No mobile-tailored solution. There is no mobile solution that works seamlessly to facilitate selling and buying. What they had was only a stripped-down, basic mobile site with no ability to sell and buy. There was no specific UX or UI catered for this segment.

Style inconsistencies. Some of the icons are vague, copywriting undecided, and categorization is always a problem. The branding is much an issue, too, with no brand or style guide in place to guide applications of visual assets and implementations.

My Role

My role is to lead the UX and UI redesign project, starting from sketching, wireframing to designing mockups. I also created style guides both for the brand and for the UX/UI. I work with a Business/UX Analyst, A Front-End Engineer and a Product Manager.

Goals

Our goals are to make it easy for users to sell and buy online. Easy means:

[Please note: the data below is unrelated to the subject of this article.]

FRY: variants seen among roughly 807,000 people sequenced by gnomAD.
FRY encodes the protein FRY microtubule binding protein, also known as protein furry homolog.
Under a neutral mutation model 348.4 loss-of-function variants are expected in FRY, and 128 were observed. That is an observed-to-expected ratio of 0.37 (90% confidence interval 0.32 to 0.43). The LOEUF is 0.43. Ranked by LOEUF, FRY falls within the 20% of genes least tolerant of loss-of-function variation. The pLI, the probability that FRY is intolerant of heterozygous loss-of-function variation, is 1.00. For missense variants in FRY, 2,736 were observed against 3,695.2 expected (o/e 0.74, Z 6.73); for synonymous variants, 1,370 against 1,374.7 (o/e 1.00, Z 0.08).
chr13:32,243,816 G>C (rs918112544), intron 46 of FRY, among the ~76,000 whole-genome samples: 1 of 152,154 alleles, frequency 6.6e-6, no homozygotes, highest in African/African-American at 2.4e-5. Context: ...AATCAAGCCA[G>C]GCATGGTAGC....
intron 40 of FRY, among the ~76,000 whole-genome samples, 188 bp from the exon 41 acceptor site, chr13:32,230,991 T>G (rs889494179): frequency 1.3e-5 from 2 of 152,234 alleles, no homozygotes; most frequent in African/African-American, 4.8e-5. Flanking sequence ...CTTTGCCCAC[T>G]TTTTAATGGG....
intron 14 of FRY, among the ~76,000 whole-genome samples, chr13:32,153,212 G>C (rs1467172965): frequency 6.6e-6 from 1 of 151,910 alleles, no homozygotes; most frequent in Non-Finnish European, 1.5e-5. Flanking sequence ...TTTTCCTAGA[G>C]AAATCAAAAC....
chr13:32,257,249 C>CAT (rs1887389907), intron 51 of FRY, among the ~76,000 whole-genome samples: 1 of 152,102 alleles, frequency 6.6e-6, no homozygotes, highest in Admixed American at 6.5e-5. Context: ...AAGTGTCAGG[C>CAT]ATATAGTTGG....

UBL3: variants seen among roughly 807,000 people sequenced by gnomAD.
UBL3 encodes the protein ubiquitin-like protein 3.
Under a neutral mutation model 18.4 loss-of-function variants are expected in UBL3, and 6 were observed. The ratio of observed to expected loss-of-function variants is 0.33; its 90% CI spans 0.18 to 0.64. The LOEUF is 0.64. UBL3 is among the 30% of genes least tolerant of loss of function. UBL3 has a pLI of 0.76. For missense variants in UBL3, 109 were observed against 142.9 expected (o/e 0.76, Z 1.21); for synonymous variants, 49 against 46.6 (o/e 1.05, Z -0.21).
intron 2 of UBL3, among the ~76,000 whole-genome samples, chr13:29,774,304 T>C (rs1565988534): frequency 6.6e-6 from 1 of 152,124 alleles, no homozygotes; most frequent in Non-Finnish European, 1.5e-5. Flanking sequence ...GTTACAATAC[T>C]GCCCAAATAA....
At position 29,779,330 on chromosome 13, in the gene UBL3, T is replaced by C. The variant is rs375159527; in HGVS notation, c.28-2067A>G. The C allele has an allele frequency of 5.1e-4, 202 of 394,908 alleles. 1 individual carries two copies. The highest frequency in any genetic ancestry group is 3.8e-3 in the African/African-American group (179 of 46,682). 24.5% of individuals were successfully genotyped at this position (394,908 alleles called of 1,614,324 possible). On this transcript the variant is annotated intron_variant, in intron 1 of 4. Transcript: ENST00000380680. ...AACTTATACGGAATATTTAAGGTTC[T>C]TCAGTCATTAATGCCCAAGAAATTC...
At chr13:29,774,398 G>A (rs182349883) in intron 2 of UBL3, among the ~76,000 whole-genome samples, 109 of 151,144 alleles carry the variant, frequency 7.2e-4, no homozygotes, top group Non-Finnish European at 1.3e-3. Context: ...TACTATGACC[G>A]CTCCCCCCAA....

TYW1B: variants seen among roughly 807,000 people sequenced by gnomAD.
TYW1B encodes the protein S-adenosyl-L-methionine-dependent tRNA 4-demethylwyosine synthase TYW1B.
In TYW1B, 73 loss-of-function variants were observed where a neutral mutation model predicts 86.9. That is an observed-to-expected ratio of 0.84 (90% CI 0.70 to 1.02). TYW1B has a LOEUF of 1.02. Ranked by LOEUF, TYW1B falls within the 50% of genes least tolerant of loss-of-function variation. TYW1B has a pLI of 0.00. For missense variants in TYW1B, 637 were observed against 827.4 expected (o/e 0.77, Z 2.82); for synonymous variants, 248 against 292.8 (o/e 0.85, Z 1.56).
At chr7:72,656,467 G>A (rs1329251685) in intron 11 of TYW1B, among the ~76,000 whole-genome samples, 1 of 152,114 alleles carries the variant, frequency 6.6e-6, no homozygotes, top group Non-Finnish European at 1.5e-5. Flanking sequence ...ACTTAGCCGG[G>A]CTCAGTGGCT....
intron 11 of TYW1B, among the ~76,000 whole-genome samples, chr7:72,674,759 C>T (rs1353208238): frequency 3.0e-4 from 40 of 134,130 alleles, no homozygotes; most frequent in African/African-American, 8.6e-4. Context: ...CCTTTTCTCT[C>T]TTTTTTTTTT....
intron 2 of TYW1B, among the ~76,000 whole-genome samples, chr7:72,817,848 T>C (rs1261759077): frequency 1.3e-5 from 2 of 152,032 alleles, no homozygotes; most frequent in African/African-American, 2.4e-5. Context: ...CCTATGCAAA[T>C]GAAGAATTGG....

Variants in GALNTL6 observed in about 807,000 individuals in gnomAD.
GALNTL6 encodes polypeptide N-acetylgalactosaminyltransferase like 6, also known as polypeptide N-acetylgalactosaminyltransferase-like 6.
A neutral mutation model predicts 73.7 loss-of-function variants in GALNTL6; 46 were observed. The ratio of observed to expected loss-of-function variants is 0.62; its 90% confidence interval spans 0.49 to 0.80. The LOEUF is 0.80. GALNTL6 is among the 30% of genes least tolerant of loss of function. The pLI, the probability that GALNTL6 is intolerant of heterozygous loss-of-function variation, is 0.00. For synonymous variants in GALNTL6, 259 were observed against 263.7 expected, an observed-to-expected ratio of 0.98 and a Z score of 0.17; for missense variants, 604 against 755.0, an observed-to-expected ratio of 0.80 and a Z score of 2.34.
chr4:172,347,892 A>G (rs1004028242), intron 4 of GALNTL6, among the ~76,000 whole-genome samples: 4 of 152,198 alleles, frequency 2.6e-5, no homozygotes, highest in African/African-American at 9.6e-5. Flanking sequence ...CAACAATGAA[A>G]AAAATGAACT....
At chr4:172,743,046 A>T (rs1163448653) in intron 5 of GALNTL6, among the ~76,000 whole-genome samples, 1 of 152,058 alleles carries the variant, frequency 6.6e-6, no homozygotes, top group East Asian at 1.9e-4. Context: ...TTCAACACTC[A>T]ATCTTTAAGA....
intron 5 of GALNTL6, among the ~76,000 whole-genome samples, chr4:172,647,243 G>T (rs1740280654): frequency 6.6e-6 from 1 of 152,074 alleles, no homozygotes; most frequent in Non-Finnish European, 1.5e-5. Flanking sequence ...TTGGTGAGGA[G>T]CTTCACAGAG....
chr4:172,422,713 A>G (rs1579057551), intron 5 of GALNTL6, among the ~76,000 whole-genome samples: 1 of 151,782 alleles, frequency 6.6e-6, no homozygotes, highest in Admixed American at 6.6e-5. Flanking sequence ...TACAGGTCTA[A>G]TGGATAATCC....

1. Easy to browse products and compare them.
  2. Easy to upload and start a new item.
  3. Easy to buy through a seamless transaction process.

Each of the steps are to be achieved through desktop and mobile solutions that work best.

We measure success by user feedbacks gathered through multiple channels: customer service, occasional meetups/interviews with best sellers for quality input, user forum, emails and chats.

We collect them in a repository and grade by priorities and then log actionable items that are approved, to Github or Basecamp.

We occasionally use simple experimentation/iteration with copywriting or color to find out the desired impact.

Challenges

Shipping processes. Some users do not realize that they should and could update delivery status, including “delivered”, “paid” and “received.” Customer service officers often need to email or call users to remind them for this.

Picking the right shipping partner. We want to partner with the right shipping partners so we get the best pricing and delivery service. Shipping in Indonesia is pretty fragmented and geographic challenges prove to be difficult, it can be costly to ship.